Northern California section final action from Saturday.
NORTH COAST SECTION
De La Salle (Concord) 40, Newark Memorial 37
They might have just been throwing haymakers.
About midway through the fourth quarter, after a missed Newark Memorial free throw, the ball went up and - no kidding - it was a full bore, full-on cat brawl for the ball. Elbows flew. Hips checked. Players yelled. The 3,000 fans jammed into McKeon Pavilion screamed.
The ball eventually got knocked out of bounds to Newark, which couldn't convert on the ensuing possession.
It absolutely set the tone for a bitterly-fought, intense, low-scoring showdown between two of the state's top 12 teams.
In the end, De Salle Salle showed more productivity down low and yet took control with a couple long-range shots to capture its eighth NCS title and a little payback to boot.
"It was a good, hard-nosed game on both sides," Newark Memorial coach Craig Ashmore said. "We missed some free throws. We missed some lay-ups. You can't do that and expect to beat a team like that."
De La Salle's two big men, 6-foot-9 Santa Clara-bound John McArthur had 14 points and seven rebounds and Chico State-bound Nate Appel, a 6-8 forward, added 11 points, seven rebounds and seven assists as the Spartans (27-2) won their 18th straight game and ended Newark Memorial's 12-game win streak.
The Cougars (27-4) got 10 points and nine rebounds from Kendall Andrews and eight by Casey Norris, but they couldn't overcome a 7-of-17 effort from the free-throw line, where De La Salle was 13-for-16.
Newark Memorial defeated the host Spartans 39-33 in last year's NCS semifinals, ending a season that was supposed to end in the state finals for De La Salle.
"That was one, if not the lowest moment I've had in basketball," McArthur said. "This is one of the best. That's one fo the most physical teams in the state and our mentality was to match them on the boards and up front. I think we did that."
The 240-pound McArthur surely had the markings to prove it. He had a small gash in the bridge of his nose and a couple scratches on his chiseled arms.
As much as De La Salle's interior game was key, it was a couple of 3-pointers that gave the Spartans control.
A 3-pointer by Duke DaRe gave the Spartans a 27-22 with 28.4 seconds left in the third and another by Carlos Monroy with 5:20 left, made it 32-26.
Newark kept battling, but it never got within the final margin the rest of the way.
The good news is that Newark - and the top four teams in most divisions - advance to next week's CIF North Region tournament.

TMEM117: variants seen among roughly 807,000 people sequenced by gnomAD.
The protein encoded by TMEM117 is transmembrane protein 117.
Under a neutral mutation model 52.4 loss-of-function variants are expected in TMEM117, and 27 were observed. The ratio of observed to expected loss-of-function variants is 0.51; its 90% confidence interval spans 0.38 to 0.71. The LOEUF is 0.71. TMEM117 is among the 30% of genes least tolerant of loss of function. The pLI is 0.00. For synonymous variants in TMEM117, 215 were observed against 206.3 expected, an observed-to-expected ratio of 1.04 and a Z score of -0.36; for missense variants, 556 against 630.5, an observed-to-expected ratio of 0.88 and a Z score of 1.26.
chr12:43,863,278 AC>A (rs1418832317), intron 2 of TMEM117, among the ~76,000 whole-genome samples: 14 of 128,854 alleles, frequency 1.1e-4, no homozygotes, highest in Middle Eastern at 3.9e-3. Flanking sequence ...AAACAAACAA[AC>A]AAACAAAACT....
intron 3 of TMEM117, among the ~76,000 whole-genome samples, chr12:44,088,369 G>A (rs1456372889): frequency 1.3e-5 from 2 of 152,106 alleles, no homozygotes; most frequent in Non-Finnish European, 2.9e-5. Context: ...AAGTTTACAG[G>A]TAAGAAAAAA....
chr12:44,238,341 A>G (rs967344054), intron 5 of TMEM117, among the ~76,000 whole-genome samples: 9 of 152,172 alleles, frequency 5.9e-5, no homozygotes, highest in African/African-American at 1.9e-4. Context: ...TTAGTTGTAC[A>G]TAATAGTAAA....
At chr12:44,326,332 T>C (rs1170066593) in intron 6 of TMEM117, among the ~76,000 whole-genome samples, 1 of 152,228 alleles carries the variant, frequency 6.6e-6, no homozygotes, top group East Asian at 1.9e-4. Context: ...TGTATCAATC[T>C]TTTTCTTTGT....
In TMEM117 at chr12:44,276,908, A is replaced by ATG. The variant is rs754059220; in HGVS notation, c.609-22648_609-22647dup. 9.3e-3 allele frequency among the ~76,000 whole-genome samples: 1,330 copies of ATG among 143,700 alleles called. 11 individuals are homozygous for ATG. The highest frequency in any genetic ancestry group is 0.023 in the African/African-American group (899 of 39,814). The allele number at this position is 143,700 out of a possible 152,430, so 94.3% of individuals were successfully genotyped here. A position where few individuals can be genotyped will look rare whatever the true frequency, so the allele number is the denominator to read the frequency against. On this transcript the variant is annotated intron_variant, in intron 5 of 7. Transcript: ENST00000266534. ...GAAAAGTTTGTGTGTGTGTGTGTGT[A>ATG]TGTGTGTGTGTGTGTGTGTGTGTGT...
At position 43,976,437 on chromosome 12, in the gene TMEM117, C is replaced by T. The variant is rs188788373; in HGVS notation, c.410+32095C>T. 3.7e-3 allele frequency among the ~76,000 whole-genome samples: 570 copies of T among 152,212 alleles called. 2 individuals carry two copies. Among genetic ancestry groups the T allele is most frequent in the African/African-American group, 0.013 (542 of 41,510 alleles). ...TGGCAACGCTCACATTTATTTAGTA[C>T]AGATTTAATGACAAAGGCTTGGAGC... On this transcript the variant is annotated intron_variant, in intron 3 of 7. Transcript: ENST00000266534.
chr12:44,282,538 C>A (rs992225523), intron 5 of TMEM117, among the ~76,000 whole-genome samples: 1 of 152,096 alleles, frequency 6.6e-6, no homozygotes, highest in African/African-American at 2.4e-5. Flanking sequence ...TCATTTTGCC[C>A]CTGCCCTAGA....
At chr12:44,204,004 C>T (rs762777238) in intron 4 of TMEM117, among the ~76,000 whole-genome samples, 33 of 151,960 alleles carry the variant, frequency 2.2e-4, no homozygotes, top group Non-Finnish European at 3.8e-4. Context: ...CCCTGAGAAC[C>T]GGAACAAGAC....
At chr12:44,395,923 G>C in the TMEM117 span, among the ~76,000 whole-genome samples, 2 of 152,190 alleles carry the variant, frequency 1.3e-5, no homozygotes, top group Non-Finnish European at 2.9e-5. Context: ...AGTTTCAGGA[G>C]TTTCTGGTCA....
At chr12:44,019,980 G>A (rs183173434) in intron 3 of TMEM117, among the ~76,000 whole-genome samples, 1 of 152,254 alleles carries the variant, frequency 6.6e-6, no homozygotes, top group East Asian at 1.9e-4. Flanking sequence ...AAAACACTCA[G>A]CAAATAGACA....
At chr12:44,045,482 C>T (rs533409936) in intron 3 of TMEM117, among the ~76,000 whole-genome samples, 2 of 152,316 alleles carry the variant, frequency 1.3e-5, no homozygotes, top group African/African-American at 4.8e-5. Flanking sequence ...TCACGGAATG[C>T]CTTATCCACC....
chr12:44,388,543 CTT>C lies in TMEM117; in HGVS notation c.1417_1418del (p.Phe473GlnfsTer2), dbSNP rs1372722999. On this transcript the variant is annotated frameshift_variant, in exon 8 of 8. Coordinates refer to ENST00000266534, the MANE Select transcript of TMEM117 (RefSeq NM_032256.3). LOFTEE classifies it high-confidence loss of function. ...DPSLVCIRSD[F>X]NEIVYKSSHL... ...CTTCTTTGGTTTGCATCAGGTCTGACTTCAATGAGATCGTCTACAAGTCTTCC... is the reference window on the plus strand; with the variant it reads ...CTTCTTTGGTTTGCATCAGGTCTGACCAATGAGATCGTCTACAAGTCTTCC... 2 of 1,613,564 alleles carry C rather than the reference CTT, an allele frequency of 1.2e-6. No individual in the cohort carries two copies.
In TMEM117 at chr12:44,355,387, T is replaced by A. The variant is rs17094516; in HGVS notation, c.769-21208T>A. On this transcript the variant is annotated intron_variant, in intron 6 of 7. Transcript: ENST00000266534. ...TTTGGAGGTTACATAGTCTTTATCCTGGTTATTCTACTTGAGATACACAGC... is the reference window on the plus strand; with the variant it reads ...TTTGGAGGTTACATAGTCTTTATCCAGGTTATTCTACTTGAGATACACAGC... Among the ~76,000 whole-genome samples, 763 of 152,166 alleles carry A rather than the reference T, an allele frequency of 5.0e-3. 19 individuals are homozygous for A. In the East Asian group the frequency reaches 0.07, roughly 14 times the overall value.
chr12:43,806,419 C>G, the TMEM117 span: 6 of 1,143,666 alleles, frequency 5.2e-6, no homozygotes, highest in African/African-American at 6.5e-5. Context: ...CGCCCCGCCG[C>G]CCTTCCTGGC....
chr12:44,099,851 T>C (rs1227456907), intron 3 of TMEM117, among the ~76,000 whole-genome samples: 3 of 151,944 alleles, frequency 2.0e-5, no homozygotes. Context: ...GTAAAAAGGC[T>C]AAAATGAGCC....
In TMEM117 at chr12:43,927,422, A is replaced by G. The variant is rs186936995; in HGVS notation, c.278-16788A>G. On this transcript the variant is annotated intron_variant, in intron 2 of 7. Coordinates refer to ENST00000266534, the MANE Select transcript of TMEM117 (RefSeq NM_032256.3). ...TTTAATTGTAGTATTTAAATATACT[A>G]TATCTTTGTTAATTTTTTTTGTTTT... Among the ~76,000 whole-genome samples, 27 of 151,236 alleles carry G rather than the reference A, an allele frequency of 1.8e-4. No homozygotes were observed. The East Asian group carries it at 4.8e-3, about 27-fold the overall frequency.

"How often do you get to experience a disappointing loss like this and still move on," Ashmore said. "Hopefully we'll learn from this."
Appel and McArthur said they sure learned a lot from being stunned by Newark Memorial last season, and an early league loss to San Ramon Valley at home. Since then, the Spartans haven't lost and improved in all areas.
Appel, who always seems to come up with the key loose ball or 3-pointer or free throw, is one of the most improved players in the program, if not the Bay Area. He's no longer just known as the "little" brother of Stanford All-American Jayne Appel.
"It's all been a process with this team," Appel said. "We've all learned to play together and fight through adversity."
On Saturday, they just had to fight period.
St. Mary's (Berkeley) 52, Salesian (Richmond) 49
It was bound to happen.
St. Mary's (23-9), a talented defensive squad that has lost numerous close games throughout the season, has put it all together at the right time.
On Saturday the Panthers defeated the defending state champion Salesian Pride (30-2),at St. Mary's College.
It was the fourth meeting of the year for the Bay Shore Athletic League rivals and first St. Mary's victory, breaking Salesian's 20-game win streak. It also broke a seven-game losing streak to the Pride over three seasons.
The Panthers got a spirited effort all-around, especially down low where they were giving up a lot of height to 6-8 Washington bound Desmond Simmons and 6-9 sophomore Freddie Tagaloa.
But St. Mary's responded with tenacious interior play from 6-4 twins Demetrius Lee (12 points and 10 rebounds) and Utah-bound Dominique Lee (11 points and seven rebounds).
Justin Pollard (12 points, eight rebounds), a 5-10 senior, also came off the bench to connect on seven of nine free throws and boy did the Panthers need that. They were just 13 of 30 from the line, meaning the rest of the squad was 6-for-21.
Honestly, this was a game they probably should have won by double digits with just average foul shooting.